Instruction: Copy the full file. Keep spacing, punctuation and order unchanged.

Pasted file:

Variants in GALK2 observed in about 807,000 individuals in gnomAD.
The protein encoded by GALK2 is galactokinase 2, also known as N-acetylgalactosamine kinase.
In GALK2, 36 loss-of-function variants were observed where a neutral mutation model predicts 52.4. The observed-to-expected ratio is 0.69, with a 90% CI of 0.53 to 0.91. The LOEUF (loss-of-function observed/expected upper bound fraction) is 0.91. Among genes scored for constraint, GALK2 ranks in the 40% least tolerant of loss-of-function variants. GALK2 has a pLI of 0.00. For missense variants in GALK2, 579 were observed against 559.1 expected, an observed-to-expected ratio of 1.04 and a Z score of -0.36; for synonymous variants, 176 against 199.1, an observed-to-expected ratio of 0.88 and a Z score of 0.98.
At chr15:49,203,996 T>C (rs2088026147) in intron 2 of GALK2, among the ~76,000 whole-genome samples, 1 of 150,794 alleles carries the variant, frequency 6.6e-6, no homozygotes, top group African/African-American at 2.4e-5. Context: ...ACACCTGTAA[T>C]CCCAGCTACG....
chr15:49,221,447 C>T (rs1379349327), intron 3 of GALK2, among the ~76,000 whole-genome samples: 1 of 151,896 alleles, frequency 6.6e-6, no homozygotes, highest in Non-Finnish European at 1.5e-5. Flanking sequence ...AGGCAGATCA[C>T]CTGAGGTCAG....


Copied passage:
Variants in GALK2 observed in about 807,000 individuals in gnomAD.
The protein encoded by GALK2 is galactokinase 2, also known as N-acetylgalactosamine kinase.
In GALK2, 36 loss-of-function variants were observed where a neutral mutation model predicts 52.4. The observed-to-expected ratio is 0.69, with a 90% CI of 0.53 to 0.91. The LOEUF (loss-of-function observed/expected upper bound fraction) is 0.91. Among genes scored for constraint, GALK2 ranks in the 40% least tolerant of loss-of-function variants. GALK2 has a pLI of 0.00. For missense variants in GALK2, 579 were observed against 559.1 expected, an observed-to-expected ratio of 1.04 and a Z score of -0.36; for synonymous variants, 176 against 199.1, an observed-to-expected ratio of 0.88 and a Z score of 0.98.
At chr15:49,203,996 T>C (rs2088026147) in intron 2 of GALK2, among the ~76,000 whole-genome samples, 1 of 150,794 alleles carries the variant, frequency 6.6e-6, no homozygotes, top group African/African-American at 2.4e-5. Context: ...ACACCTGTAA[T>C]CCCAGCTACG....
chr15:49,221,447 C>T (rs1379349327), intron 3 of GALK2, among the ~76,000 whole-genome samples: 1 of 151,896 alleles, frequency 6.6e-6, no homozygotes, highest in Non-Finnish European at 1.5e-5. Flanking sequence ...AGGCAGATCA[C>T]CTGAGGTCAG....